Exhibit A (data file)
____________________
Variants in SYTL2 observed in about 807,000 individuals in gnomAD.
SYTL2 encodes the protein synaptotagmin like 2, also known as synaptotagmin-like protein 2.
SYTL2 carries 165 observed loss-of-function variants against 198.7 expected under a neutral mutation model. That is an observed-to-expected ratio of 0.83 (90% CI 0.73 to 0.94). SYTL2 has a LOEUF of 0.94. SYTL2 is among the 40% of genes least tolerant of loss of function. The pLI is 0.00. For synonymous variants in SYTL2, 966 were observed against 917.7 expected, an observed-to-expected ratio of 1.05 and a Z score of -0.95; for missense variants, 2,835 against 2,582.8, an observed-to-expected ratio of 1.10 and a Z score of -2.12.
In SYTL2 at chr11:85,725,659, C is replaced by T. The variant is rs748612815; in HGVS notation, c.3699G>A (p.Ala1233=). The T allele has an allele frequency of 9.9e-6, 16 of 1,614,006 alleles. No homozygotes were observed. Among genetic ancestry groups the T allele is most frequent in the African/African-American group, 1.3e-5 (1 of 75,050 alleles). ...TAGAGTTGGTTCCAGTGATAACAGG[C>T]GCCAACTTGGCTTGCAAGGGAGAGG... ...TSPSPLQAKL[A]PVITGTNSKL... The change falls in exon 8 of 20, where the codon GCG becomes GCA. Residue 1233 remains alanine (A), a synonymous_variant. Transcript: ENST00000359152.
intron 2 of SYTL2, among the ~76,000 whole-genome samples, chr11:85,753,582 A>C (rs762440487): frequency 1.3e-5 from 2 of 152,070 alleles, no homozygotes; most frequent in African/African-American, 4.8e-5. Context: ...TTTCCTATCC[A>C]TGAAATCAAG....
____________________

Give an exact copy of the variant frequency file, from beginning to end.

Variants in SYTL2 observed in about 807,000 individuals in gnomAD.
SYTL2 encodes the protein synaptotagmin like 2, also known as synaptotagmin-like protein 2.
SYTL2 carries 165 observed loss-of-function variants against 198.7 expected under a neutral mutation model. That is an observed-to-expected ratio of 0.83 (90% CI 0.73 to 0.94). SYTL2 has a LOEUF of 0.94. SYTL2 is among the 40% of genes least tolerant of loss of function. The pLI is 0.00. For synonymous variants in SYTL2, 966 were observed against 917.7 expected, an observed-to-expected ratio of 1.05 and a Z score of -0.95; for missense variants, 2,835 against 2,582.8, an observed-to-expected ratio of 1.10 and a Z score of -2.12.
In SYTL2 at chr11:85,725,659, C is replaced by T. The variant is rs748612815; in HGVS notation, c.3699G>A (p.Ala1233=). The T allele has an allele frequency of 9.9e-6, 16 of 1,614,006 alleles. No homozygotes were observed. Among genetic ancestry groups the T allele is most frequent in the African/African-American group, 1.3e-5 (1 of 75,050 alleles). ...TAGAGTTGGTTCCAGTGATAACAGG[C>T]GCCAACTTGGCTTGCAAGGGAGAGG... ...TSPSPLQAKL[A]PVITGTNSKL... The change falls in exon 8 of 20, where the codon GCG becomes GCA. Residue 1233 remains alanine (A), a synonymous_variant. Transcript: ENST00000359152.
intron 2 of SYTL2, among the ~76,000 whole-genome samples, chr11:85,753,582 A>C (rs762440487): frequency 1.3e-5 from 2 of 152,070 alleles, no homozygotes; most frequent in African/African-American, 4.8e-5. Context: ...TTTCCTATCC[A>C]TGAAATCAAG....